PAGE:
4. Excursions. I haven't really researched the excursions much yet, but my general impression is that, when the boat stops, I want to get out of the tourist-trap cities as quickly as possible. My wife and I are interested in the scenic/nature oriented excursions (e.g. zip-lines, Misty Fjords, dog sledding, scenic railway, etc).
Anyway, if anybody would care to express an opinion or offer some guidance on these issues, please do so as I really appreciate the feedback. And thanks to all of you for making this board such a valuable resource for newbies like me who are trying to get up to speed.
I've cruised up there twice and looking to sometime go again. Its true, once is not enough....So far, your research is right on the money....You need one real good glacier stop and then decide what other ports you must see....I love them all....
I do, however also think, that the extra for a balcony is money well spent...Many times you are getting ready for something and may want to take a look outside, very easy with the balcony, you don't want to miss a thing...I think you get your money's worth with one in Alaska....
I was most impressed with Princess, they did have the anytime dining, which works out well if you have a busy port day. You can also dine in the Horizon Court, that was suprisingly good and a time saver if there was a show you wanted to see...I'd also suggest finding a ship that goes round trip from Vancouver, a much more scenic cruising expierence... Went from Seattle last time and I wouldn't do it again....You basically could be anywhere, never close enough to land to see the beauty of the shores...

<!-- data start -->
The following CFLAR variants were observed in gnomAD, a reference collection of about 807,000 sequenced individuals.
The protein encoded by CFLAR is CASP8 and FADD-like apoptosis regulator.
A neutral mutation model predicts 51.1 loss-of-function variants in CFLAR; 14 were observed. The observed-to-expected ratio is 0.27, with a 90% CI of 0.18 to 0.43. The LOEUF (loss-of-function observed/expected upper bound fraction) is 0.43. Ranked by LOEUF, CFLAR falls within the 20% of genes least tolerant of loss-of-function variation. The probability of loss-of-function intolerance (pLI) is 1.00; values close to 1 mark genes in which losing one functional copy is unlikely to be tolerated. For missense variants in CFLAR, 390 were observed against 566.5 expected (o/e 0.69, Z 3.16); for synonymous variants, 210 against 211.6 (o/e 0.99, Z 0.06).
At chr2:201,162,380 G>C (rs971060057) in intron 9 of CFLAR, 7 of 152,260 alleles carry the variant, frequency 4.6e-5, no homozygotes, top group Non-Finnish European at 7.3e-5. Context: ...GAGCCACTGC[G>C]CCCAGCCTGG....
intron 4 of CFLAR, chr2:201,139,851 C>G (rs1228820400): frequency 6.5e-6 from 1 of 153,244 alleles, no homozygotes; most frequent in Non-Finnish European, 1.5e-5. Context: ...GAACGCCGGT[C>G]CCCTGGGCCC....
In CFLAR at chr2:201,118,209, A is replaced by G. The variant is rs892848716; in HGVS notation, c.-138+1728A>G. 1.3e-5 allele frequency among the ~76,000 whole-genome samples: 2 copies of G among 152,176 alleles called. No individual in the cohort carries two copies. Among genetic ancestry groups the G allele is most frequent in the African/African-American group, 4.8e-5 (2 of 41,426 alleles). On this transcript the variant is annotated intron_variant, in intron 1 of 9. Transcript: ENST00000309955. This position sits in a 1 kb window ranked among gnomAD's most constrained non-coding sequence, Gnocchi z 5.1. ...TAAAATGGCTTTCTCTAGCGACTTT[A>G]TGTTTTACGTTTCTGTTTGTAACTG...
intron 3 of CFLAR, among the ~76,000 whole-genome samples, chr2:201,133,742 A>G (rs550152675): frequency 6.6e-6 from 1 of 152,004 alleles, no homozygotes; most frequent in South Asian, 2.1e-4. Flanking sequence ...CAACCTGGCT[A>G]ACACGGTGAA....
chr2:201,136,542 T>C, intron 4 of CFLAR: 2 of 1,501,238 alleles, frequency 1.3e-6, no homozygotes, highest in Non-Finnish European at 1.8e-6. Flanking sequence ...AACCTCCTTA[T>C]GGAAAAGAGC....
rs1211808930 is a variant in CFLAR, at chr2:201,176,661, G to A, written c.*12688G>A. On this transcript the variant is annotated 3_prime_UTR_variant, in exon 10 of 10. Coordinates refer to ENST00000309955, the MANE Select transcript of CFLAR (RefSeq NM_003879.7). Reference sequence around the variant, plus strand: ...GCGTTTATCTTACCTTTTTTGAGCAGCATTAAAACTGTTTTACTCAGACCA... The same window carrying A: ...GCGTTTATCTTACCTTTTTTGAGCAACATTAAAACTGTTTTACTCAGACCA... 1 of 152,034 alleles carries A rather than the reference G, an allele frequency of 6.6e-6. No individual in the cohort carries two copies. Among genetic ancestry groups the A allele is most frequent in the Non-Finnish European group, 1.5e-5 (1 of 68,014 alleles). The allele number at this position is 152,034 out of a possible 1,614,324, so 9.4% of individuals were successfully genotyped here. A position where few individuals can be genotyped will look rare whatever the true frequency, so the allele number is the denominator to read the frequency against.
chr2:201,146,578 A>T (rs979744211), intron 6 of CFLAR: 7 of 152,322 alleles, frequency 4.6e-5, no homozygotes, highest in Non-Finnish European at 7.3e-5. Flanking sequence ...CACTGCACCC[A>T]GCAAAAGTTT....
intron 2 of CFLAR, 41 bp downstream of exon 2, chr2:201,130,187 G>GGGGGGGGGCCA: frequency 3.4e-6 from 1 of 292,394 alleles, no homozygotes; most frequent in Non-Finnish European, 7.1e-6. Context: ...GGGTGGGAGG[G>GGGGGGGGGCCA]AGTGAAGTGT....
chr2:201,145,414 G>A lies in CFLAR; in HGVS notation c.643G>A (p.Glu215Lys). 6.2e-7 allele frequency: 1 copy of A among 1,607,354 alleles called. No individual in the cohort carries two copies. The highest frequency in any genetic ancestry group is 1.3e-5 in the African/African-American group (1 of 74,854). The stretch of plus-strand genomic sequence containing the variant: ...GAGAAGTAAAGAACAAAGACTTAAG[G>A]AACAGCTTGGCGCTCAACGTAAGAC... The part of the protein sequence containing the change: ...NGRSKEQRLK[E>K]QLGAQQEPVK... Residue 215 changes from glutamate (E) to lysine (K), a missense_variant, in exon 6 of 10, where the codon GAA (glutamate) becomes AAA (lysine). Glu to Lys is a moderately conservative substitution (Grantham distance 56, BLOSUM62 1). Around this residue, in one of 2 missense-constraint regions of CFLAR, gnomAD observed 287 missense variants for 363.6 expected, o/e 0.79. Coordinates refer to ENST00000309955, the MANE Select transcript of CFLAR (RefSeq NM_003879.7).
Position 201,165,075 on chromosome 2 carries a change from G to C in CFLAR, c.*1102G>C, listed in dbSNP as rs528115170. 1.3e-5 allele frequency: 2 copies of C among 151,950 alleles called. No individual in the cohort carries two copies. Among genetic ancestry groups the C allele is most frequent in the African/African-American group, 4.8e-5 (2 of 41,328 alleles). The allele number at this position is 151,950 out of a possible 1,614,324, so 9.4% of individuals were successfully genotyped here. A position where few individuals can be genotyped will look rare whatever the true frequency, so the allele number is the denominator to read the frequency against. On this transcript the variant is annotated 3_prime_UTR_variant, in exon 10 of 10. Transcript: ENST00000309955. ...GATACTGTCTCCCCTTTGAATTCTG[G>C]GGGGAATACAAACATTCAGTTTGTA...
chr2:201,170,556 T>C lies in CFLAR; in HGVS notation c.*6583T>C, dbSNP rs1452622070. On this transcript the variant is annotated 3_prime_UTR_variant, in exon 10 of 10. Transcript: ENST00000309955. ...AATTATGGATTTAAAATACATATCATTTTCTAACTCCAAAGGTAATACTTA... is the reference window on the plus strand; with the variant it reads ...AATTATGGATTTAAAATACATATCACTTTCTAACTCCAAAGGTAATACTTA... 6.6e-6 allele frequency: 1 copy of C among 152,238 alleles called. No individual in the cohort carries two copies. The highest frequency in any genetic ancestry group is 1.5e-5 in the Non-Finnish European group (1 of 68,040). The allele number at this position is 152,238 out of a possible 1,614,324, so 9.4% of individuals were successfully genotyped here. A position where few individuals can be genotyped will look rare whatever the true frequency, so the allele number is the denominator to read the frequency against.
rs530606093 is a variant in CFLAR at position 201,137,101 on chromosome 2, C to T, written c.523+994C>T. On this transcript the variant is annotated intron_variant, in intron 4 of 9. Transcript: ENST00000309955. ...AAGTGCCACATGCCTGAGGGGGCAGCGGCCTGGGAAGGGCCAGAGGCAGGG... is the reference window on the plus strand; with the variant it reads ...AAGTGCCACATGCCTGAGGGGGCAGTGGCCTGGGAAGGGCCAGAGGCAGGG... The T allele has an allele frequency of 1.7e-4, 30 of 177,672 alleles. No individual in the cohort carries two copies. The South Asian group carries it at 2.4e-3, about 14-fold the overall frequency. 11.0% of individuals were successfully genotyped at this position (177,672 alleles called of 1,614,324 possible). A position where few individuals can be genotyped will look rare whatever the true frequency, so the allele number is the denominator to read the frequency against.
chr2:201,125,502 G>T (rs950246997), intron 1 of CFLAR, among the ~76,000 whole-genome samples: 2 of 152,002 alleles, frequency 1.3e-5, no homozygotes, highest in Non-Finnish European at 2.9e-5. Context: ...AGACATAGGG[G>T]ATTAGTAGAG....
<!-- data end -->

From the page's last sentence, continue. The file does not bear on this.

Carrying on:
Please, let us know what ship you decide on.
We've sailed both HAL and NCL to Alaska and yes, HAL's a bit nicer but we loved NCL and the freestyle freedom. I would not hesitate to sail NCL again in Alaska.
Glacier bay's a must IMHO. Hubbard's awsome....GB's more awsome.
I agree on the White Pass train. Also in Juneu do a whalewatch trip and also get yourself to the Mendenhall glacier.
Regarding a balcony or not....you'll get totally differing opinions on this so have to know yourselves and your budget. I feel a balcony's a must in Alaska for me. I'd rather spend the extra money on a balcony over say an expensive helicopter flight landing on a glacier. Glacier trip is great of course for an hour or 2. A balcony is all the time.
If you like solitude and kicking back a balcony's great. If you want to be out and about in clubs and casinos then inside will be ok. In other words....if you only will use the cabin for sleep and dressing no need for a balcony but if like me you love kicking back and nature watching....balcony's a must.
Thanks everybody for you suggestions and feedback.
We ended up booking an inside room on the Coral Princess. This is a one-way northbound cruise starting in Vancouver and ending in Whittier. It stops in Ketchikan, Juneau and Skagway and also cruises Glacier Bay and College Fjord. We'll be flying into Seattle the day before our departure and then flying home from Anchorage 2 days after the ship's arrival. My wife and I are super excited and can't wait!